"I really don't think people need to be scared, but they do need to exercise good judgment," he said.
"Sharks are coming back. There are more of them out there. The ocean is their home, and we're guests in their home, but occasionally accidents do happen."
There were 199 documented shark encounters with humans — in which a shark approached and touched a person or their surfboard, kayak or paddleboard — from the 1950s through August 2021, according to California Department of Fish and Wildlife data. Of those encounters, 14 were fatal.
Two days before Tomas Butterfield's death, two surfers were chased by a shark off North Salmon Creek Beach, just north of Bodega Bay in Sonoma County.
“Holy crap, we were terrified because it was not backing off,” Timothy Reck of Sebastopol told the Santa Rosa Press Democrat. Reck said he and another surfer escaped after the shark bit the leash of one of their surfboards.
Endersby, the Morro Bay harbor director, said he believes the last fatal shark attack in San Luis Obispo County was in August 2003, when a 50-year-old woman was killed in nearby Avila Beach. The woman was believed to have been swimming in a dark wetsuit and possibly mistaken for one of the seals or sea lions — food sources for a variety of sharks — seen near her.
Endersby said he has seen sharks in the water while surfing twice in recent years. The 29-year harbor employee said he is often asked whether the water is safe.
"My answer is always, 'It's never safe or unsafe; it is what it is.' It's just the wilderness, and you have to be aware there are dangers. It's just like the mountains — there are bears and mountain lions. There are snakes in the foothills."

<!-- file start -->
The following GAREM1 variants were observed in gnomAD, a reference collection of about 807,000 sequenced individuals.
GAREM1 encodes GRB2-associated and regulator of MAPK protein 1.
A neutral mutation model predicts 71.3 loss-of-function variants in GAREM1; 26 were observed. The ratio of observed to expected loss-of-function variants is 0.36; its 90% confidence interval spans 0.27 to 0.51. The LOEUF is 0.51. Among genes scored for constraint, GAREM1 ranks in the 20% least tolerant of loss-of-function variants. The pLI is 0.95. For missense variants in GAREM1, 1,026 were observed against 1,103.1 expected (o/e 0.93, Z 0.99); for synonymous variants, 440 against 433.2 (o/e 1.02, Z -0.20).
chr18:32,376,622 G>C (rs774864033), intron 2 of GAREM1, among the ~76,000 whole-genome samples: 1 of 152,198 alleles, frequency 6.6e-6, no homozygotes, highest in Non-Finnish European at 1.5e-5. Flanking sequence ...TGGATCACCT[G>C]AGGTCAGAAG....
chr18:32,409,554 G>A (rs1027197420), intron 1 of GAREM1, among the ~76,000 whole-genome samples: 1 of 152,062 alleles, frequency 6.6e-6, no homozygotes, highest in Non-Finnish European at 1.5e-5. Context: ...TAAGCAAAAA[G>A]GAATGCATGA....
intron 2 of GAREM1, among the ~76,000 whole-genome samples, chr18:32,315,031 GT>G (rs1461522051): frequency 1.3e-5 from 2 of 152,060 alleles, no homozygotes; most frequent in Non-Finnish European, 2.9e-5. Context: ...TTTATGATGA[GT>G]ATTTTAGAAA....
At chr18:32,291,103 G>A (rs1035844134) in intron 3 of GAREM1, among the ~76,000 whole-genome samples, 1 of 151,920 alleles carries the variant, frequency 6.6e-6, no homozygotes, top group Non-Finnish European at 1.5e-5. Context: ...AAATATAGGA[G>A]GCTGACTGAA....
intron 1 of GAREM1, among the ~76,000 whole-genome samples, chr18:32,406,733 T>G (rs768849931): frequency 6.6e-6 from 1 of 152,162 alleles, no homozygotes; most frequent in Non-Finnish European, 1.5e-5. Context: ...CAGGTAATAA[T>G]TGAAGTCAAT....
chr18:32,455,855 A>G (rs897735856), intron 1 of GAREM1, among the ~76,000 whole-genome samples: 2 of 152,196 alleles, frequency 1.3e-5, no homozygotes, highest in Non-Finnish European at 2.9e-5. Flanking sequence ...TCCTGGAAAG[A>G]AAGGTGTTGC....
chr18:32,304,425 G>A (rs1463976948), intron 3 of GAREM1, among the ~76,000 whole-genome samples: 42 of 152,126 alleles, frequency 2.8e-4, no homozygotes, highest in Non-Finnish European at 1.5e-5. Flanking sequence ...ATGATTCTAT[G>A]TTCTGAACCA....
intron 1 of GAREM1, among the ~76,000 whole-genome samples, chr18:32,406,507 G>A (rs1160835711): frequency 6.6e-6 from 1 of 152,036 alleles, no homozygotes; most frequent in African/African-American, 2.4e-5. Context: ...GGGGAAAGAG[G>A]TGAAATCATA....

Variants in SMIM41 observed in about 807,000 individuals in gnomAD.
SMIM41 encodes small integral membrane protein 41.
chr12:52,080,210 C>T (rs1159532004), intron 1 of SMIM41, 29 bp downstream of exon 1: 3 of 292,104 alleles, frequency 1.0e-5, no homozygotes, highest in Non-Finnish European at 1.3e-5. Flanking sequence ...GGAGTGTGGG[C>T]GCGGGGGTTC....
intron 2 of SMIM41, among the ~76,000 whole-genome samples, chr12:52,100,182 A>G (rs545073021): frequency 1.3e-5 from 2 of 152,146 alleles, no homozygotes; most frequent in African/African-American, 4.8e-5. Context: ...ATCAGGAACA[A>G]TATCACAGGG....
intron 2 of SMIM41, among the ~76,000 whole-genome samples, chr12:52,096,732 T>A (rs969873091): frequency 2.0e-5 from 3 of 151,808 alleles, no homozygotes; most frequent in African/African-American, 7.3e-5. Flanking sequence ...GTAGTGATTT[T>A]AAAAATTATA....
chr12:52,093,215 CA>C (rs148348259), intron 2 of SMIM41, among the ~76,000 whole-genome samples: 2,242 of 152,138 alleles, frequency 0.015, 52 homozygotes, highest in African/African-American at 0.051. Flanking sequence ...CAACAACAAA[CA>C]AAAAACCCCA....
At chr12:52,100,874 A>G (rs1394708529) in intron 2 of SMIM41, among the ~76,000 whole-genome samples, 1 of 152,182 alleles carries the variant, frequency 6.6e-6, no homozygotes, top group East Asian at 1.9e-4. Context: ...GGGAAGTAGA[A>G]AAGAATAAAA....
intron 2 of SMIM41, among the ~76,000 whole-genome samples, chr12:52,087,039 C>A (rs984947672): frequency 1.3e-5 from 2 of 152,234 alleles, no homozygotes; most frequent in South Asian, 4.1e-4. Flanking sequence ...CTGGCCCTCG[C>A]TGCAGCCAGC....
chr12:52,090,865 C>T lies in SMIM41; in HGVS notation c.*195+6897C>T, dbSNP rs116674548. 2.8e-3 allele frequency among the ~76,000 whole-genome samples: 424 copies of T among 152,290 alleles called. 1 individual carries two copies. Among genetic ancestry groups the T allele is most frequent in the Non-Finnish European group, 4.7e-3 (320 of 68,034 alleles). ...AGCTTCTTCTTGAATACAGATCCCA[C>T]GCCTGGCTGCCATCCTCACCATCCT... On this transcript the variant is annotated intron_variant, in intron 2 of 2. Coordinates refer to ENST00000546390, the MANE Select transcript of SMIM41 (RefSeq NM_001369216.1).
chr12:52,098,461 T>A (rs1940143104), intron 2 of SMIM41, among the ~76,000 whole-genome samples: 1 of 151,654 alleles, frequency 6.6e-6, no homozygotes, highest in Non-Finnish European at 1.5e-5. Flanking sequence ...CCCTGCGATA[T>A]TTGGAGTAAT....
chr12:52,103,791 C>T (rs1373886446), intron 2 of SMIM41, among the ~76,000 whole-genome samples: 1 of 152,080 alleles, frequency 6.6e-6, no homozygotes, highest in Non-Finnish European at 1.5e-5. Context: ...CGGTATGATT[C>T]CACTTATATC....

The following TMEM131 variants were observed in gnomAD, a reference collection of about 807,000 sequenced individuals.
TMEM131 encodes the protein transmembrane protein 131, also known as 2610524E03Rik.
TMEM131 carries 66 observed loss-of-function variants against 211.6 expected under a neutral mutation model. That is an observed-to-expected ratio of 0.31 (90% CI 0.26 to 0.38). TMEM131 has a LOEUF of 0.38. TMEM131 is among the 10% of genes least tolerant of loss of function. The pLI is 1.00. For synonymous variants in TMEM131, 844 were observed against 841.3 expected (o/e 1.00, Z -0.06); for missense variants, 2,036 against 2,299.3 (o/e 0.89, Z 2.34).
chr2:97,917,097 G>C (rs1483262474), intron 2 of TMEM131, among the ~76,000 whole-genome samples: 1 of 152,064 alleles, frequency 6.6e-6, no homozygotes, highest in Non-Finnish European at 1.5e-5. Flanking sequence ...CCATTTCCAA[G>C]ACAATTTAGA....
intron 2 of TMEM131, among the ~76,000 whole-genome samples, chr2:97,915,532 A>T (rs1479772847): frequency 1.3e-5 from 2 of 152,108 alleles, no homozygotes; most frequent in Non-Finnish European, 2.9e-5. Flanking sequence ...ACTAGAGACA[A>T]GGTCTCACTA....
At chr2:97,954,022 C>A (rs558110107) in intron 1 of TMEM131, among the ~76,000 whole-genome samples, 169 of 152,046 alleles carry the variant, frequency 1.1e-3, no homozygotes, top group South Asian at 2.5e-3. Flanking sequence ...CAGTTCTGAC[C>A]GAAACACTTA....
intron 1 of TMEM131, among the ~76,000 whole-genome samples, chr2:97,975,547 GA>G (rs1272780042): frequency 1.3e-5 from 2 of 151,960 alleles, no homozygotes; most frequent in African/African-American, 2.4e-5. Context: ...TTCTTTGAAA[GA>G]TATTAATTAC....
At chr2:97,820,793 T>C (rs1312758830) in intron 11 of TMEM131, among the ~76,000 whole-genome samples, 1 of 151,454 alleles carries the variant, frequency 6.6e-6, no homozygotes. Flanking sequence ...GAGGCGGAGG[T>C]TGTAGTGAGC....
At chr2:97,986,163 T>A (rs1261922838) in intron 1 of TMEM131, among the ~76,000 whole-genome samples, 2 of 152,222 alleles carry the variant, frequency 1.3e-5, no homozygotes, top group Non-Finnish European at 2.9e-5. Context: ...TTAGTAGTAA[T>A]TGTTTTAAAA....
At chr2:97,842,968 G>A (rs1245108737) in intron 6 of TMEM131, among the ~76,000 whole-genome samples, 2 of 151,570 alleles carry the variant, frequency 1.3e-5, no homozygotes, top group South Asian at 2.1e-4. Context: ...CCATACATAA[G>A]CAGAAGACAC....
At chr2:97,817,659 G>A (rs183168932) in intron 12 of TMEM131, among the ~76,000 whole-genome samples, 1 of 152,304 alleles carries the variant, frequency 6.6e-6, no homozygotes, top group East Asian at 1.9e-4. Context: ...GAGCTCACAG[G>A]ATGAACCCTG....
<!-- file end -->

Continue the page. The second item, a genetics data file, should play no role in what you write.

Butterfield's death sent a chill through the Morro Bay surfing community.
Mike Jones, owner of the Azhiaziam surf shop, said it has been the main topic of conversation in his store. For days after the attack, the waters were unusually devoid of surfers.
"There have been a lot of surfers coming in the shop saying they're not ready," Jones said.
Jones, 48, grew up in the area and usually goes surfing two to three times a week. But he had not been back in the ocean for a week after the attack.
Since it has been raining in recent days, the water is murky, making it harder for sharks to distinguish between humans and prey, Jones said. He refused to rent surfboards to customers for several days.
"I tell them, with the shark attack, we're gonna let the water clear a few days," he said.
Grant Butterfield said his nephew always loved the ocean.
Tomas Butterfield was born in Pittsburg, Calif. After his parents divorced, he and his older brother, Ben, moved with their mother to Ketchikan, Alaska, where Tomas attended high school and was drawn to the water, his uncle said.
At the time of his death, Tomas was living in Sacramento, working for his father at a medical equipment repair company, Grant said. Tomas and his brother were extremely close, and the two lived for a short time in their 20s in Puerto Rico, fishing and surfing constantly.
"Tomas had a very wry sense of humor," Grant said. "If you could get a belly laugh out of him, that was pretty remarkable. If he thought he was being clever and cute, you'd get this little grin on his face, his little side smile."
Tomas' mother, Grant said, "is deeply invested in the Catholic Church there in Morro Bay" and has a good support system helping her through the tragedy. His father and brother are "pretty shattered."
Grant said he would forever be grateful to the woman who pulled his nephew's body out of the water.
"She doesn't know it, but she's obviously part of the family now," he said. "The possibility that his board might have gone farther out to sea and that he would have been missing forever and we wouldn't have known anything —"
He choked up. It was too difficult to finish the thought.
Times staff writers Gregory Yee and Andrew J. Campa contributed to this report.
This story originally appeared in Los Angeles Times.